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    My husband and I used to take our viszla Seamus to the dog park when he was a puppy and a young dog. He is a friendly, gregarious dog who loves people and enjoys playing with kids and with other dogs.

    Sometimes there have been 20 or more dogs at the park, but that didn't seem to create a "pack" mentality. If there was trouble it was always because one particular dog had aggressive tendencies. In once case, it was a pair of Shar Peis that seemed meek and mild but who tended to gang up on other dogs. In another, it was a retreiver mix who attacked other dogs while his owner stood there and grinned. There was one pit bull mix who attacked and seriously injured another dog. And there was a border collie who would challenge any dog who dared to approach the ball the collie was chasing.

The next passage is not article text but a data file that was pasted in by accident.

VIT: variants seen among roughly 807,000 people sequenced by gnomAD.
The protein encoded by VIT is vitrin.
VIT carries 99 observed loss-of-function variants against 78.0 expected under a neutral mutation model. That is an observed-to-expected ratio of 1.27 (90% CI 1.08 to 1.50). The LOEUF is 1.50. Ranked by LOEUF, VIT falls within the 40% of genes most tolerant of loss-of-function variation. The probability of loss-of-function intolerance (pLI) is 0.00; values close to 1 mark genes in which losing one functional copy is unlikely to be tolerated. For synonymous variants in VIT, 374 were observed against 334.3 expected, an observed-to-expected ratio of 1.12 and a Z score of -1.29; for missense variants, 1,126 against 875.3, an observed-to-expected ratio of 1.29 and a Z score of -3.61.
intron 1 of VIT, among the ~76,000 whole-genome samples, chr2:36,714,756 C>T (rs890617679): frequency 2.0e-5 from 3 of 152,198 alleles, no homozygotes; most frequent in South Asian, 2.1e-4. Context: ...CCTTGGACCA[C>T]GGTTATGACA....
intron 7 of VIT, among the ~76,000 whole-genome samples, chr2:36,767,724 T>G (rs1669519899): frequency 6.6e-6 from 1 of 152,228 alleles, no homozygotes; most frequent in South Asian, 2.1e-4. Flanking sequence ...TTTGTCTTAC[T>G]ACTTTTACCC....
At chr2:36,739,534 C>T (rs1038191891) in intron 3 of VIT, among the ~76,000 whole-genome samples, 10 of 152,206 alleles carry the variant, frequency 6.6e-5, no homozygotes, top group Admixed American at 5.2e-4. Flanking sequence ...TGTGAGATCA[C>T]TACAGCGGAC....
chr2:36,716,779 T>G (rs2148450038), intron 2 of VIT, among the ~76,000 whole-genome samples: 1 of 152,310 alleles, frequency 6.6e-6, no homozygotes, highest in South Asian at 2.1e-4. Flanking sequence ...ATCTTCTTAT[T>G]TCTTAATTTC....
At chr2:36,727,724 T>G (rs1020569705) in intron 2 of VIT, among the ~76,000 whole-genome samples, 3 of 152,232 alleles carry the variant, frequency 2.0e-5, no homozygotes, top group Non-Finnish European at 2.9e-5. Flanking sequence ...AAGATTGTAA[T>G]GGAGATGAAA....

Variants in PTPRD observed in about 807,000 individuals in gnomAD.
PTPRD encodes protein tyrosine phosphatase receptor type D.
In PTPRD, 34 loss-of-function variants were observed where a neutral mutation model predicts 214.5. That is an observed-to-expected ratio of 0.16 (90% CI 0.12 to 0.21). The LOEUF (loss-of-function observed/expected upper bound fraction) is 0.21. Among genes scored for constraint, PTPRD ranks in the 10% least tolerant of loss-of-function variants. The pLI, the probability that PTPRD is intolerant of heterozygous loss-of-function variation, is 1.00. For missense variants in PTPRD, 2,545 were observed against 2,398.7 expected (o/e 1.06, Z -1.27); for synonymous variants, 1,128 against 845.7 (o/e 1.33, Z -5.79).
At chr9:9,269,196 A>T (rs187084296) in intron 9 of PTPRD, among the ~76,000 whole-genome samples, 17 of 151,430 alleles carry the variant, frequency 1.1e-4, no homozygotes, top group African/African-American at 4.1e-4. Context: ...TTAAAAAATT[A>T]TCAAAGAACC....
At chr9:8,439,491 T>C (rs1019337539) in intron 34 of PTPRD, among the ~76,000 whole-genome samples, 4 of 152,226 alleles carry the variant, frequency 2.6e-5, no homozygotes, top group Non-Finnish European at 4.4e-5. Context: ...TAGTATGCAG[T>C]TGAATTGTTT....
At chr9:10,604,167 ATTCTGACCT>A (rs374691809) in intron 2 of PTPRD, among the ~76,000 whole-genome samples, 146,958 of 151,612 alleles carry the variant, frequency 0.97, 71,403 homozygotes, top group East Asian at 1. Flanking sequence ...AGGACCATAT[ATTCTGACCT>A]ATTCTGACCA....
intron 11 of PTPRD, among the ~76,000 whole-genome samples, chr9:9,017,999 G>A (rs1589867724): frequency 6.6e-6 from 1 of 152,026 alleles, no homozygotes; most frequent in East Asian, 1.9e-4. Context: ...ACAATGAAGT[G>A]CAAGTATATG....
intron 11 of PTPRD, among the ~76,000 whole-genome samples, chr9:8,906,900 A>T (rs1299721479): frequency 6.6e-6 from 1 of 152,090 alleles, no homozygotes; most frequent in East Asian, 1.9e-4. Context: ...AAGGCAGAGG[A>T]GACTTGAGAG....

I agree that sometimes a dog owner either tolerates aggressive behavior or is in denial about it. Some of the offenders brought their dogs to the park again and again, even after an aggressive incident, and despite warnings from other dog owners.

    When we saw one of the problem dogs enter the park, we would take Seamus and leave.

  11. #11
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    My previous dog was a pit mix as well. I understand that a lot of people see pitties and make assumptions that have nothing to do with the actual behavior of the actual dog, but.....